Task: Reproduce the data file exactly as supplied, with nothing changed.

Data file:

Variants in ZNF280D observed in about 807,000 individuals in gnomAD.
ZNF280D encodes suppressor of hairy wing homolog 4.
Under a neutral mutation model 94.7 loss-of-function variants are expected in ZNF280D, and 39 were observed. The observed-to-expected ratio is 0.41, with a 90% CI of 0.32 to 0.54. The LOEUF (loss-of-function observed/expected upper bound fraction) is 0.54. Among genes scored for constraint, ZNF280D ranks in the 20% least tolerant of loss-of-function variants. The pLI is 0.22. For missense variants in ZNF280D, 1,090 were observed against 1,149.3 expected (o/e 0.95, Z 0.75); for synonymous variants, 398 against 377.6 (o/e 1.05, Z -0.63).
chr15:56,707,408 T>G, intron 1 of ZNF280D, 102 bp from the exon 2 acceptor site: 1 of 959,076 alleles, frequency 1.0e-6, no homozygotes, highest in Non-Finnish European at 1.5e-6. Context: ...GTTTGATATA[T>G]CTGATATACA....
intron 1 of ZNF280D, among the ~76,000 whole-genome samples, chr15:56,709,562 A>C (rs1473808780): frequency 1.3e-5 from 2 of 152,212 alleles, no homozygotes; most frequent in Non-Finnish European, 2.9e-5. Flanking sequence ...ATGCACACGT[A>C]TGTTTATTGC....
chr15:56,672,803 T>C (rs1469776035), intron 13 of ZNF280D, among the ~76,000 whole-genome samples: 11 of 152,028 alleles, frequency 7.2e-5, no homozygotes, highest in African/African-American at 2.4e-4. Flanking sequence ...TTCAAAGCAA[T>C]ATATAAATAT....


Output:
Variants in ZNF280D observed in about 807,000 individuals in gnomAD.
ZNF280D encodes suppressor of hairy wing homolog 4.
Under a neutral mutation model 94.7 loss-of-function variants are expected in ZNF280D, and 39 were observed. The observed-to-expected ratio is 0.41, with a 90% CI of 0.32 to 0.54. The LOEUF (loss-of-function observed/expected upper bound fraction) is 0.54. Among genes scored for constraint, ZNF280D ranks in the 20% least tolerant of loss-of-function variants. The pLI is 0.22. For missense variants in ZNF280D, 1,090 were observed against 1,149.3 expected (o/e 0.95, Z 0.75); for synonymous variants, 398 against 377.6 (o/e 1.05, Z -0.63).
chr15:56,707,408 T>G, intron 1 of ZNF280D, 102 bp from the exon 2 acceptor site: 1 of 959,076 alleles, frequency 1.0e-6, no homozygotes, highest in Non-Finnish European at 1.5e-6. Context: ...GTTTGATATA[T>G]CTGATATACA....
intron 1 of ZNF280D, among the ~76,000 whole-genome samples, chr15:56,709,562 A>C (rs1473808780): frequency 1.3e-5 from 2 of 152,212 alleles, no homozygotes; most frequent in Non-Finnish European, 2.9e-5. Flanking sequence ...ATGCACACGT[A>C]TGTTTATTGC....
chr15:56,672,803 T>C (rs1469776035), intron 13 of ZNF280D, among the ~76,000 whole-genome samples: 11 of 152,028 alleles, frequency 7.2e-5, no homozygotes, highest in African/African-American at 2.4e-4. Flanking sequence ...TTCAAAGCAA[T>C]ATATAAATAT....